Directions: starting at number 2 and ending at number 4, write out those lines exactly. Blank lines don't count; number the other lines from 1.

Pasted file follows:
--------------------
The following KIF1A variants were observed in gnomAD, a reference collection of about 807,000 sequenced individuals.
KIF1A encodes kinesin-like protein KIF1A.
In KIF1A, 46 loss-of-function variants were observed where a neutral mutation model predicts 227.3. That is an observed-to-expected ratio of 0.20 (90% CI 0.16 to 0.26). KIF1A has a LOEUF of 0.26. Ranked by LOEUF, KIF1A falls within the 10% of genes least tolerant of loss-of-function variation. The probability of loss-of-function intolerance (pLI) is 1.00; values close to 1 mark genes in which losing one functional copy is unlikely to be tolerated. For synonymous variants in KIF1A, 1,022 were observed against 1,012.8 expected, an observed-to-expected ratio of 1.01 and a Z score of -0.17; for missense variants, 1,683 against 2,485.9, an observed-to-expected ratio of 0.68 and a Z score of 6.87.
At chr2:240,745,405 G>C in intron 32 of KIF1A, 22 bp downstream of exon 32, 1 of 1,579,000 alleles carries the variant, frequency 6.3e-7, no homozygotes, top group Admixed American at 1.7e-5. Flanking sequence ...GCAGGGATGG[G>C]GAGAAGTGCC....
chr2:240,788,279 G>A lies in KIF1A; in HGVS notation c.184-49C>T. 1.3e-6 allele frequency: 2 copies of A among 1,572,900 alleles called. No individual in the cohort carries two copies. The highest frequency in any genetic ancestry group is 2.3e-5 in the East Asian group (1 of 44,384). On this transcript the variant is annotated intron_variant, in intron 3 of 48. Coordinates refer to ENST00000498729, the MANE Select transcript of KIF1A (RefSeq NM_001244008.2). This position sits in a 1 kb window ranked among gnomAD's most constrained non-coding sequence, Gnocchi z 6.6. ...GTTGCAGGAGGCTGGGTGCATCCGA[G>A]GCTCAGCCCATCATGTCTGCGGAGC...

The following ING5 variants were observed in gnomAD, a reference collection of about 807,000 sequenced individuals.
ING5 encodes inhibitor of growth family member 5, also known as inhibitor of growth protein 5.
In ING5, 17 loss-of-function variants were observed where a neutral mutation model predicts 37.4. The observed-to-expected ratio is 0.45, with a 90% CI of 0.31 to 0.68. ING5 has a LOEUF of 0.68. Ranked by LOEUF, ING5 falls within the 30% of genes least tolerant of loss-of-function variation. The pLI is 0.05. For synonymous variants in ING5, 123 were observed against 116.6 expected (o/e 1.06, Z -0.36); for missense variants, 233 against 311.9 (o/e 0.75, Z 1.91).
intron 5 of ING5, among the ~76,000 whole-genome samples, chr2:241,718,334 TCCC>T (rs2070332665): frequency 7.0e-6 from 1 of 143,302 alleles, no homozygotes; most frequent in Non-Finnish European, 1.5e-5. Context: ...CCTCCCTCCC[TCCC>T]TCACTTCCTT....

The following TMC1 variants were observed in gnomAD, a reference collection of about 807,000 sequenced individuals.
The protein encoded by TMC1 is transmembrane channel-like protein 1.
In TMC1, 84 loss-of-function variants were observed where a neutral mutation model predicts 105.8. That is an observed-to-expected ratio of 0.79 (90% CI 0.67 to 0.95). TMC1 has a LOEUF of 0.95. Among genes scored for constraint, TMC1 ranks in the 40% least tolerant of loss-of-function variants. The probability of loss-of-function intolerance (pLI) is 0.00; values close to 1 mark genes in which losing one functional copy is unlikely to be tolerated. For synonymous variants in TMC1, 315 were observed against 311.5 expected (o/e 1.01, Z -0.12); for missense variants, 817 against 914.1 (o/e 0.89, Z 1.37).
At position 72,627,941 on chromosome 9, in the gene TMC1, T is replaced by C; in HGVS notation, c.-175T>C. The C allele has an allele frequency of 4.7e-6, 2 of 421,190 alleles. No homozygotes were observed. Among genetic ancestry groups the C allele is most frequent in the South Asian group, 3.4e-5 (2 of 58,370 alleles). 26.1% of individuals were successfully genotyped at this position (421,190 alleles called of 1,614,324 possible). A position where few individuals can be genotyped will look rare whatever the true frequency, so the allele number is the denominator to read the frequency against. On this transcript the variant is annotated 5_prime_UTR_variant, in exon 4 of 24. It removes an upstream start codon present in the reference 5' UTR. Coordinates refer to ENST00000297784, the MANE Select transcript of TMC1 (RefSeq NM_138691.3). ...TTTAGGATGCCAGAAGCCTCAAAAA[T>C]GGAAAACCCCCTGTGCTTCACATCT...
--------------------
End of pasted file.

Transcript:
KIF1A encodes kinesin-like protein KIF1A.
In KIF1A, 46 loss-of-function variants were observed where a neutral mutation model predicts 227.3. That is an observed-to-expected ratio of 0.20 (90% CI 0.16 to 0.26). KIF1A has a LOEUF of 0.26. Ranked by LOEUF, KIF1A falls within the 10% of genes least tolerant of loss-of-function variation. The probability of loss-of-function intolerance (pLI) is 1.00; values close to 1 mark genes in which losing one functional copy is unlikely to be tolerated. For synonymous variants in KIF1A, 1,022 were observed against 1,012.8 expected, an observed-to-expected ratio of 1.01 and a Z score of -0.17; for missense variants, 1,683 against 2,485.9, an observed-to-expected ratio of 0.68 and a Z score of 6.87.
At chr2:240,745,405 G>C in intron 32 of KIF1A, 22 bp downstream of exon 32, 1 of 1,579,000 alleles carries the variant, frequency 6.3e-7, no homozygotes, top group Admixed American at 1.7e-5. Flanking sequence ...GCAGGGATGG[G>C]GAGAAGTGCC....